The decision to offer coronary artery revascularization should be made “on the basis of a patient’s clinical characteristics, and preferences and should be the same for all patients, regardless of sex, race, or ethnicity,” according to a new joint clinical practice guideline from the American College of Cardiology and the American Heart Association.
Jennifer Lawton, chief of the Division of Cardiac Surgery at Johns Hopkins Medicine, served as chair of the ACC/AHA Guideline Committee, which released its final report Dec. 9 in both the Journal of the American College of Cardiology and Circulation.
The guideline replaces/retires a number of previous guidelines, including the 2011 percutaneous coronary intervention (PCI) guideline, the 2011 coronary artery bypass graft (CABG) guideline and the 2015 update in PCI and ST-elevated myocardial infarction (STEMI) guideline, and calls for clinical decisions to be made by a multidisciplinary heart team that includes the patient and is determined by patient preferences.
Joining Lawton on the ACA/AHA guideline committee were Johns Hopkins colleagues Garima Sharma, director of cardio-obstetrics; Thomas Metkus, director of cardiology quality and safety; and Michael Grant, director of clinical operations for the Division of Cardiac Anesthesia.
According to the guideline: “Health disparities by sex and race are evident across the spectrum of cardiovascular disease in the United States, and mounting evidence demonstrates that social factors are strongly associated with cardiovascular health outcomes. Differences in access to care, cardiovascular treatment, mortality rate, and readmission outcomes persist by important sociodemographic characteristics that include but are not limited to socioeconomic status, race, and ethnicity. African Americans, Hispanics, and South Asians (with substantial heterogeneity within Asian subgroups) have a higher prevalence of cardiovascular risk factors and crude mortality. Although access to health care remains a problem, even after entering into the health care system, women and non-White patients are less likely to receive reperfusion therapy, an invasive strategy, or revascularization and more likely to have worse outcomes.”
These disparities must be recognized and addressed, says Lawton. “The guideline reminds us that treatment decisions in patients who need coronary revascularization should be based on clinical indication, regardless of sex, race or ethnicity, and that we must focus efforts on reducing the disparities in care among patients with cardiovascular disease,” says Lawton.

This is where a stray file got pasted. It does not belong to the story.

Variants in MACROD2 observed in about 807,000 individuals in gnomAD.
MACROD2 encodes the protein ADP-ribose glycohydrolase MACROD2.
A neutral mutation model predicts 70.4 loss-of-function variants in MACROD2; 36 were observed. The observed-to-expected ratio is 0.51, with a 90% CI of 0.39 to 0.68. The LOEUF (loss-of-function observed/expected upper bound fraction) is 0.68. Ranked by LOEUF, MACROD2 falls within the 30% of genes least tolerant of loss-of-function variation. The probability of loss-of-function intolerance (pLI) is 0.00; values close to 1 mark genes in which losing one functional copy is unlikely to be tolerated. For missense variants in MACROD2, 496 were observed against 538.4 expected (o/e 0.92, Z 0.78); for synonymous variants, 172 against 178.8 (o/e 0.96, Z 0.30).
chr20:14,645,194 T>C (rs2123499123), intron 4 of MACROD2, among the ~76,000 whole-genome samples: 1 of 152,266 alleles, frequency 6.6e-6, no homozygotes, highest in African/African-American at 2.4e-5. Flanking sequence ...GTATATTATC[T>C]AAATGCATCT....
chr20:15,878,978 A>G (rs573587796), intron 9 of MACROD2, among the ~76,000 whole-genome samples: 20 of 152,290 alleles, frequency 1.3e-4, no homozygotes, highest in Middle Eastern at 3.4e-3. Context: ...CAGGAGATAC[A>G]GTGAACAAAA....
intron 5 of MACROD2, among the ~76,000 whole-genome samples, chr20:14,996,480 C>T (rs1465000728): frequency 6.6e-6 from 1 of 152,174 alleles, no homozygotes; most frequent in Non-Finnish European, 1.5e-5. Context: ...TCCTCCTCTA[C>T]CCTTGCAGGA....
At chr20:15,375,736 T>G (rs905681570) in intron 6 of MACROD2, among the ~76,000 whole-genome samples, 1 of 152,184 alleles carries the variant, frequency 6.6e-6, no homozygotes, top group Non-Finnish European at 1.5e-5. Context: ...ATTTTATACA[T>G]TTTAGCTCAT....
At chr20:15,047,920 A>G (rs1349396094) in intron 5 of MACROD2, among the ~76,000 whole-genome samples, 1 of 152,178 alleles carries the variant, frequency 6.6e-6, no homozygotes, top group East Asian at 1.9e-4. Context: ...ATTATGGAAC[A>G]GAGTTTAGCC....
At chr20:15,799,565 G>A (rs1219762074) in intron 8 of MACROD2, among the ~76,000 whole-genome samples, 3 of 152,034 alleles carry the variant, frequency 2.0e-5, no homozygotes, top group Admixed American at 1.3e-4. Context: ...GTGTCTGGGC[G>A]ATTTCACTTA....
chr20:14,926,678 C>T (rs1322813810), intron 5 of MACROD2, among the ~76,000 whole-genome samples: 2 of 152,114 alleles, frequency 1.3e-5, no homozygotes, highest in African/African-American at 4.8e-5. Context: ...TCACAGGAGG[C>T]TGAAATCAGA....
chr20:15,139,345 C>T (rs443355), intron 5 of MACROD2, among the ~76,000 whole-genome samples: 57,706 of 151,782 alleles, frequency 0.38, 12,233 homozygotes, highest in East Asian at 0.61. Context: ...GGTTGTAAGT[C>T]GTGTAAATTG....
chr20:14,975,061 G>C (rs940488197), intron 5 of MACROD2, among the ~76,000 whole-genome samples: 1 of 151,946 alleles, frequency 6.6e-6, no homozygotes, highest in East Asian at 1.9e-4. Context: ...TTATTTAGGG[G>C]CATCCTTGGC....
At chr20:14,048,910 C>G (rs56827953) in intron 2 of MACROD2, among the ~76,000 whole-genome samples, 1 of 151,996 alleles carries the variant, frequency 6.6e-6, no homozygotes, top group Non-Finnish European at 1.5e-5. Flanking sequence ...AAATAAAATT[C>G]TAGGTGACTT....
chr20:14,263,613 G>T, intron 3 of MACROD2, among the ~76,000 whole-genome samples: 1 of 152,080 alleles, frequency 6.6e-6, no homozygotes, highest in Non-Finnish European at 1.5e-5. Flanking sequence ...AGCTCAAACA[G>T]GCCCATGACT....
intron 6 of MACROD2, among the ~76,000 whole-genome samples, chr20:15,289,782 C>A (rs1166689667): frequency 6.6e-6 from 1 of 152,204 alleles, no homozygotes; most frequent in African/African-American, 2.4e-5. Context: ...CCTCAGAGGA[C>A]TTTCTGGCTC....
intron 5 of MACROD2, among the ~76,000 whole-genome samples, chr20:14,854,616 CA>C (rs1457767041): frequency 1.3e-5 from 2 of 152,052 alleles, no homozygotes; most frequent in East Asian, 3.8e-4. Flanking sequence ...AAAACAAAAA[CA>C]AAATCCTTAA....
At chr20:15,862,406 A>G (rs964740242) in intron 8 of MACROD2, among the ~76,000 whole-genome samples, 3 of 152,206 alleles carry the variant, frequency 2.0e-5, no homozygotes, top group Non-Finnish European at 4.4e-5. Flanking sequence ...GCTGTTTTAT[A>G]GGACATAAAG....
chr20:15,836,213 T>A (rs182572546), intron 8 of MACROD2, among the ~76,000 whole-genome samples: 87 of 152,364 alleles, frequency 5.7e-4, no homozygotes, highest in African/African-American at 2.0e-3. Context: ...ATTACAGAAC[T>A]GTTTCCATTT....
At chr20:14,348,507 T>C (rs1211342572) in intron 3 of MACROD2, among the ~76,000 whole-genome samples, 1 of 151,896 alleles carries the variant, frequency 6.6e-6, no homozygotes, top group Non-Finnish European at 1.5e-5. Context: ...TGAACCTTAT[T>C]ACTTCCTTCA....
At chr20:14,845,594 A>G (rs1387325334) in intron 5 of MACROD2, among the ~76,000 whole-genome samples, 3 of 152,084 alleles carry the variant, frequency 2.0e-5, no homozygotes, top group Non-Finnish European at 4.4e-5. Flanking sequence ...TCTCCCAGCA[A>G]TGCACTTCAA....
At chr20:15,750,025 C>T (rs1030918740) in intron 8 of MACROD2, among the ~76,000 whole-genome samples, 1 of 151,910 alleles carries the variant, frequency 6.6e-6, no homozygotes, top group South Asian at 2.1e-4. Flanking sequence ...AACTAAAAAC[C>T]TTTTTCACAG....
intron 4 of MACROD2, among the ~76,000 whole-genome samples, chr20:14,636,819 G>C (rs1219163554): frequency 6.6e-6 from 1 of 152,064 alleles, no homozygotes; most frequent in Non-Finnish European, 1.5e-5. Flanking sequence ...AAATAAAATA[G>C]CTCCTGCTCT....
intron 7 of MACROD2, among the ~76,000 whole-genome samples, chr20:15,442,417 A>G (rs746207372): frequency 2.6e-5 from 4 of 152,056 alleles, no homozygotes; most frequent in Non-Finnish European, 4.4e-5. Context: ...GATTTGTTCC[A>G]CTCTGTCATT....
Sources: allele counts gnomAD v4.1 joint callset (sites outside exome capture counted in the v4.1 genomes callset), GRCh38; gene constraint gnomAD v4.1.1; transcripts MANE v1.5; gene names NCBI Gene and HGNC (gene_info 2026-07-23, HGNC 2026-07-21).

The guideline codifies use of the multidisciplinary heart team to facilitate care of patients with complex coronary artery disease, says Metkus. “Heart team decision-making that incorporates viewpoints from different specialties is one of the most impactful ways we can provide patient-centered care and improve clinical outcomes,” he says.
As a general noninvasive cardiologist who specializes in women’s health, Sharma says the guideline is especially important because it includes new data on the management of spontaneous coronary artery dissection — a type of heart attack seen more commonly in women. The guideline does not recommend intervening in this type of heart attack unless there are special circumstances, says Sharma.
“Additionally, the guideline recommends a shorter one-to-three-month duration of dual antiplatelet therapy (DAPT) after PCI as reasonable in select patients to reduce the risk of bleeding, based on the latest evidence,” she says, noting the previous recommendations were for six or 12 months of DAPT.
The guideline highlights 10 “take-home messages” for clinical practice, including:
- “For patients with significant left main disease, surgical revascularization is indicated to improve survival relative to that likely to be achieved with medical therapy.”
- “In patients being considered for coronary revascularization for whom the optimal treatment strategy is unclear, a multidisciplinary Heart Team approach is recommended.”
The guideline has been modified to shorten and enhance its “user-friendliness” in a modular, “knowledge chunk” format, in which each chunk includes a table of recommendations, brief synopsis, recommendation-specific supportive text and, when appropriate, flow diagrams or additional tables. Hyperlinked references are provided for each modular knowledge chunk to facilitate quick access and review.
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